Ottawa

Looking north

Fourteen years after describing the American conservative movement as “a light and an inspiration to people in this country and across the world,” Stephen Harper becomes a beacon of hope for American conservatives.

Perhaps the most central aspect of Harper’s success has been his focus on economic issues over cultural issues. Throughout his campaign, Harper kept referring to his “low-tax plan for jobs and economic growth” and his “low-tax plan for families.” In a typical Harper stump speech, the phrase “low-tax” was used dozens of times, to hilarious effect. Yet there was no mystery as to what Harper intended to deliver: low taxes. The beauty of Harper’s approach, however, is that he has carefully balanced tax cuts with planned spending reductions, to avoid mounting debt levels.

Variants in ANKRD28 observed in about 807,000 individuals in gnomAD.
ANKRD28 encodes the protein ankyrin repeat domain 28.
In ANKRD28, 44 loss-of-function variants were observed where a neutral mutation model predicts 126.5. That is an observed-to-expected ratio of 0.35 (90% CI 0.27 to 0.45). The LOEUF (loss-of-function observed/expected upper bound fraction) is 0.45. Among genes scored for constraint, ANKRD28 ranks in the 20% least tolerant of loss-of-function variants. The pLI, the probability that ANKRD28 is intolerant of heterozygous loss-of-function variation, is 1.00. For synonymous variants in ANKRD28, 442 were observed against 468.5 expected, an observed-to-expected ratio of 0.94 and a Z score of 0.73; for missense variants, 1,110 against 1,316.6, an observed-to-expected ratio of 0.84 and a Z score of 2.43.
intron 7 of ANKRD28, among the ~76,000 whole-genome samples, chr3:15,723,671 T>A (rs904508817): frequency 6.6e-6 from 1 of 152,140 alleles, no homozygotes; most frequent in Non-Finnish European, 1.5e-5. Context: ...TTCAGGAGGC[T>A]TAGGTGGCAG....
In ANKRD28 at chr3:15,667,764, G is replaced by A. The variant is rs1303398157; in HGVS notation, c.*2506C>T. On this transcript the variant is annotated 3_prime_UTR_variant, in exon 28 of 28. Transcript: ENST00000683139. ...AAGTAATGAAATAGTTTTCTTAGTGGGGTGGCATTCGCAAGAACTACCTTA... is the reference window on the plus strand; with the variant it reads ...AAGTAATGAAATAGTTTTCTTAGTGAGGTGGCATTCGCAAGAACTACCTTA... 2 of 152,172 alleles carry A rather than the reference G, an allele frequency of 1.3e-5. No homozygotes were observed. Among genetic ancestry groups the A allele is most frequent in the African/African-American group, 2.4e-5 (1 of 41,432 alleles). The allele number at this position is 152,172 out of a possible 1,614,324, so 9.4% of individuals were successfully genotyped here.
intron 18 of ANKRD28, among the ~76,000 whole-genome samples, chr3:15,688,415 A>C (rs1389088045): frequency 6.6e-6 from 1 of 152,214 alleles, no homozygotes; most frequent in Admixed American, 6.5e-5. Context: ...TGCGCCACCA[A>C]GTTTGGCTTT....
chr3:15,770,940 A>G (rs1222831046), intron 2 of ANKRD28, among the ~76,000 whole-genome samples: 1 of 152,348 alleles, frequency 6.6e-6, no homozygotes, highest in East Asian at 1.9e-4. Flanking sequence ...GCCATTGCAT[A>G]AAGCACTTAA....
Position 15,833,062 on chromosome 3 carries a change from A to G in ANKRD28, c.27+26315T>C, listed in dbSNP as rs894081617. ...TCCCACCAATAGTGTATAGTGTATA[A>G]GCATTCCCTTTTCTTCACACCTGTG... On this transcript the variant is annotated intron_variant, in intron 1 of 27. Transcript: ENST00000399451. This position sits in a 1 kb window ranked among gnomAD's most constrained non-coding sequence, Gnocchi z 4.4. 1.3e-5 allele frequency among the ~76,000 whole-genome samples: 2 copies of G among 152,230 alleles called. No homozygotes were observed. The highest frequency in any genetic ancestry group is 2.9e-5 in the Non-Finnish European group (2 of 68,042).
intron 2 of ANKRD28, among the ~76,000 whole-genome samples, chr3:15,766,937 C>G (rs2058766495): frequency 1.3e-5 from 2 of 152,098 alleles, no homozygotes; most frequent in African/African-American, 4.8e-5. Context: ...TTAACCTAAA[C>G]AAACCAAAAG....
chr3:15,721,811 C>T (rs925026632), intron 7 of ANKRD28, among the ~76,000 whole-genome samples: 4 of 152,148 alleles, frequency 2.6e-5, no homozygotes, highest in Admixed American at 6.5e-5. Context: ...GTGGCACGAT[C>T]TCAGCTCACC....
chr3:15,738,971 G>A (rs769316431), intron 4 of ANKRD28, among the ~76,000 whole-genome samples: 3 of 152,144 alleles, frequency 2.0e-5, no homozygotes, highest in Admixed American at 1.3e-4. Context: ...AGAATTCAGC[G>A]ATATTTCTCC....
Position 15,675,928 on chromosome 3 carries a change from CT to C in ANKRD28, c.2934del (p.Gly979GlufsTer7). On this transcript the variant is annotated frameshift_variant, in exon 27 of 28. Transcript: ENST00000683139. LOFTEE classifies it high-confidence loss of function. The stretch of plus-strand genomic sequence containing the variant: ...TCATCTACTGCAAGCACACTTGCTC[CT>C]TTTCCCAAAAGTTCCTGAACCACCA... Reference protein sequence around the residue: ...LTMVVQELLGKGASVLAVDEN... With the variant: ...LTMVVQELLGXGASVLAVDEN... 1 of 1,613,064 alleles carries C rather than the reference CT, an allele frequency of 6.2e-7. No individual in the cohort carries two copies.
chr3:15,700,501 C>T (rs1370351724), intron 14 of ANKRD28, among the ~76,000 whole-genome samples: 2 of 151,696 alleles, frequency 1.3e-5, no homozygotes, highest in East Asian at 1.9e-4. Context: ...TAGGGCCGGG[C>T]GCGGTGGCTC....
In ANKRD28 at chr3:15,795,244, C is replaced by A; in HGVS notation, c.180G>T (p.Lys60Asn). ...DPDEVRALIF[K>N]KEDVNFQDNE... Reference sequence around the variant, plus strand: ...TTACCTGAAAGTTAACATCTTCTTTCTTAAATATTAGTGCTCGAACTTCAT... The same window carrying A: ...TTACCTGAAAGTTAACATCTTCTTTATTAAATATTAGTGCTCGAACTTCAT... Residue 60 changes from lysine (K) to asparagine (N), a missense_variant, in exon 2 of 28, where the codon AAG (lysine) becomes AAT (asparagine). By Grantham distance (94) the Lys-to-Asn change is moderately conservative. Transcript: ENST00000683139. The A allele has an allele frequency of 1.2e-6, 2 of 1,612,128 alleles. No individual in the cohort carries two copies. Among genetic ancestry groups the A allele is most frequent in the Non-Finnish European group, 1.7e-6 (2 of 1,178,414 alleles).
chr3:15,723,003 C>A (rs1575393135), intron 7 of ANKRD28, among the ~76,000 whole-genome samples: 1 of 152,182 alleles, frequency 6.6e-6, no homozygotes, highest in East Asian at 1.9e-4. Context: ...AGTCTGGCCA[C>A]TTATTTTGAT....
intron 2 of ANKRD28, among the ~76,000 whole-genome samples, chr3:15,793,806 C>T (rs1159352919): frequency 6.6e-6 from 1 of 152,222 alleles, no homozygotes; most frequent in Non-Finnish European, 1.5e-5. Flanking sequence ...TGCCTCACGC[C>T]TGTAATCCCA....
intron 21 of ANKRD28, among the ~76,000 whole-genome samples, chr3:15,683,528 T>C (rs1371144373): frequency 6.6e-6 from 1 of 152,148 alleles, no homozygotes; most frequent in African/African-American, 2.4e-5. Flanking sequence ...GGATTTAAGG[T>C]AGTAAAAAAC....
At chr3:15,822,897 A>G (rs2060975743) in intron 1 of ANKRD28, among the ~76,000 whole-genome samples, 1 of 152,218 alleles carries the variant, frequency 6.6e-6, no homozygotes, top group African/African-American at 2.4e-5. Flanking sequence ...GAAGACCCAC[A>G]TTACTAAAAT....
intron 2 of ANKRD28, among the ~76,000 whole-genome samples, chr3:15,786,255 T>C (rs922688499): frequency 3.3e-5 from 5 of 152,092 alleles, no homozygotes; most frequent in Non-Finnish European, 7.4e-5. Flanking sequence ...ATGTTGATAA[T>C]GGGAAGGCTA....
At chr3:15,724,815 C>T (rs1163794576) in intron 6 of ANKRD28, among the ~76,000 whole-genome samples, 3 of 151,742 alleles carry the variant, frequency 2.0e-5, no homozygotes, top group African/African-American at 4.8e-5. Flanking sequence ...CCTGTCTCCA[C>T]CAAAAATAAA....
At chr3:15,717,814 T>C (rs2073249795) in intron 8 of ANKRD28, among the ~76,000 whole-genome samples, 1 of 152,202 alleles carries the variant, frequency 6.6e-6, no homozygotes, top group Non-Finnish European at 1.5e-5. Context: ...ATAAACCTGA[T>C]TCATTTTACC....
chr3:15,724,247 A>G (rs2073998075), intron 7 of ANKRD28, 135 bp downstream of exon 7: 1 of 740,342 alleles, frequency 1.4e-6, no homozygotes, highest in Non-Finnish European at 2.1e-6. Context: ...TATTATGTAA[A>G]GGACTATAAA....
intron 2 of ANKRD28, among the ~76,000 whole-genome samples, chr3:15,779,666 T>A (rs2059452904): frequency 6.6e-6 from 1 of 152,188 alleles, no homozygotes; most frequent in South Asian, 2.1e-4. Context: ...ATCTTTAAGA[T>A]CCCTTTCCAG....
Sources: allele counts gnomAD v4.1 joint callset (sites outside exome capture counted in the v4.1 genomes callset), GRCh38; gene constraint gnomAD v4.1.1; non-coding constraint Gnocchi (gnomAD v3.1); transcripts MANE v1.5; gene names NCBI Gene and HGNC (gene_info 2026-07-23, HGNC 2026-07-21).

At last night’s Republican presidential debate, the candidates spent a great deal of time lambasting President Obama and demonstrating their conservative bona fides. They spent very little time explaining how they would defend the interest of the middle class, or how they intended to make inroads with the Latino and Asian voters who are so crucial to victory in 2012 and beyond. They need to give Stephen Harper a call. 

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